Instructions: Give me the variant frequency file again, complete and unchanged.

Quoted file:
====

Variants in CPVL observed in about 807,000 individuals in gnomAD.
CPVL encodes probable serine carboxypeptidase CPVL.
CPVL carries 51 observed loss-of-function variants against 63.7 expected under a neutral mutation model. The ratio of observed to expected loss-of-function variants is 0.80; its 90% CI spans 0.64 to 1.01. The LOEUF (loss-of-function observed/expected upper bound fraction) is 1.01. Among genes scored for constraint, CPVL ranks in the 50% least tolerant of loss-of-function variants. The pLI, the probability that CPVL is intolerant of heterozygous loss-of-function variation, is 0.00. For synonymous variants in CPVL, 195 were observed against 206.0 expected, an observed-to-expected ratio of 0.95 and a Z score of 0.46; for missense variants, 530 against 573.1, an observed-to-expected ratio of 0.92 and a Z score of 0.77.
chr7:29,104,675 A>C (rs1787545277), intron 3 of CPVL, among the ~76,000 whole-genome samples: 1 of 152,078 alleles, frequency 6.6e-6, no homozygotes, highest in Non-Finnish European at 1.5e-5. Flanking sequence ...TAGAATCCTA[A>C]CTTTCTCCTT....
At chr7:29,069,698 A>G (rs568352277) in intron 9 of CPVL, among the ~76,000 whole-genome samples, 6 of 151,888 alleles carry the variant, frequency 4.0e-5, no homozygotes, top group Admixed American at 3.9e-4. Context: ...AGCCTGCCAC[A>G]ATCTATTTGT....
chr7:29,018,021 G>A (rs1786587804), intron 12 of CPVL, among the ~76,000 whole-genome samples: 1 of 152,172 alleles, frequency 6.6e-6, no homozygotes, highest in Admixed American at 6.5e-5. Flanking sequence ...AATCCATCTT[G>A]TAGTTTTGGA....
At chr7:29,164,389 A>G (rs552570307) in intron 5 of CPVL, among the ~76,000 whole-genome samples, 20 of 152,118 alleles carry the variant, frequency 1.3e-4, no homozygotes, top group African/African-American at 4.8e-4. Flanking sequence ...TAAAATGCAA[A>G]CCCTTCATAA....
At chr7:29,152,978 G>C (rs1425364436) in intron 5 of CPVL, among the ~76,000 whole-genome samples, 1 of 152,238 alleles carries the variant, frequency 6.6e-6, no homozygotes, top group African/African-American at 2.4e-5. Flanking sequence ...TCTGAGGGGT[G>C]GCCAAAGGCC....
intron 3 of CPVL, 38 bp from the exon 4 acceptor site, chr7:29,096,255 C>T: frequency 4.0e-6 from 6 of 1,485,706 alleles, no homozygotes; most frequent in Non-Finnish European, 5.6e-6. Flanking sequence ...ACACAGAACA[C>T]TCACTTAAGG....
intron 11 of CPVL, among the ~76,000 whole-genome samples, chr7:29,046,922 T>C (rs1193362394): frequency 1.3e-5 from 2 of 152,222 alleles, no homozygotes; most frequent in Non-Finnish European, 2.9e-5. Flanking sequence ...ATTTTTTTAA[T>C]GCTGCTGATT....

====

Variants in CPVL observed in about 807,000 individuals in gnomAD.
CPVL encodes probable serine carboxypeptidase CPVL.
CPVL carries 51 observed loss-of-function variants against 63.7 expected under a neutral mutation model. The ratio of observed to expected loss-of-function variants is 0.80; its 90% CI spans 0.64 to 1.01. The LOEUF (loss-of-function observed/expected upper bound fraction) is 1.01. Among genes scored for constraint, CPVL ranks in the 50% least tolerant of loss-of-function variants. The pLI, the probability that CPVL is intolerant of heterozygous loss-of-function variation, is 0.00. For synonymous variants in CPVL, 195 were observed against 206.0 expected, an observed-to-expected ratio of 0.95 and a Z score of 0.46; for missense variants, 530 against 573.1, an observed-to-expected ratio of 0.92 and a Z score of 0.77.
chr7:29,104,675 A>C (rs1787545277), intron 3 of CPVL, among the ~76,000 whole-genome samples: 1 of 152,078 alleles, frequency 6.6e-6, no homozygotes, highest in Non-Finnish European at 1.5e-5. Flanking sequence ...TAGAATCCTA[A>C]CTTTCTCCTT....
At chr7:29,069,698 A>G (rs568352277) in intron 9 of CPVL, among the ~76,000 whole-genome samples, 6 of 151,888 alleles carry the variant, frequency 4.0e-5, no homozygotes, top group Admixed American at 3.9e-4. Context: ...AGCCTGCCAC[A>G]ATCTATTTGT....
chr7:29,018,021 G>A (rs1786587804), intron 12 of CPVL, among the ~76,000 whole-genome samples: 1 of 152,172 alleles, frequency 6.6e-6, no homozygotes, highest in Admixed American at 6.5e-5. Flanking sequence ...AATCCATCTT[G>A]TAGTTTTGGA....
At chr7:29,164,389 A>G (rs552570307) in intron 5 of CPVL, among the ~76,000 whole-genome samples, 20 of 152,118 alleles carry the variant, frequency 1.3e-4, no homozygotes, top group African/African-American at 4.8e-4. Flanking sequence ...TAAAATGCAA[A>G]CCCTTCATAA....
At chr7:29,152,978 G>C (rs1425364436) in intron 5 of CPVL, among the ~76,000 whole-genome samples, 1 of 152,238 alleles carries the variant, frequency 6.6e-6, no homozygotes, top group African/African-American at 2.4e-5. Flanking sequence ...TCTGAGGGGT[G>C]GCCAAAGGCC....
intron 3 of CPVL, 38 bp from the exon 4 acceptor site, chr7:29,096,255 C>T: frequency 4.0e-6 from 6 of 1,485,706 alleles, no homozygotes; most frequent in Non-Finnish European, 5.6e-6. Flanking sequence ...ACACAGAACA[C>T]TCACTTAAGG....
intron 11 of CPVL, among the ~76,000 whole-genome samples, chr7:29,046,922 T>C (rs1193362394): frequency 1.3e-5 from 2 of 152,222 alleles, no homozygotes; most frequent in Non-Finnish European, 2.9e-5. Flanking sequence ...ATTTTTTTAA[T>C]GCTGCTGATT....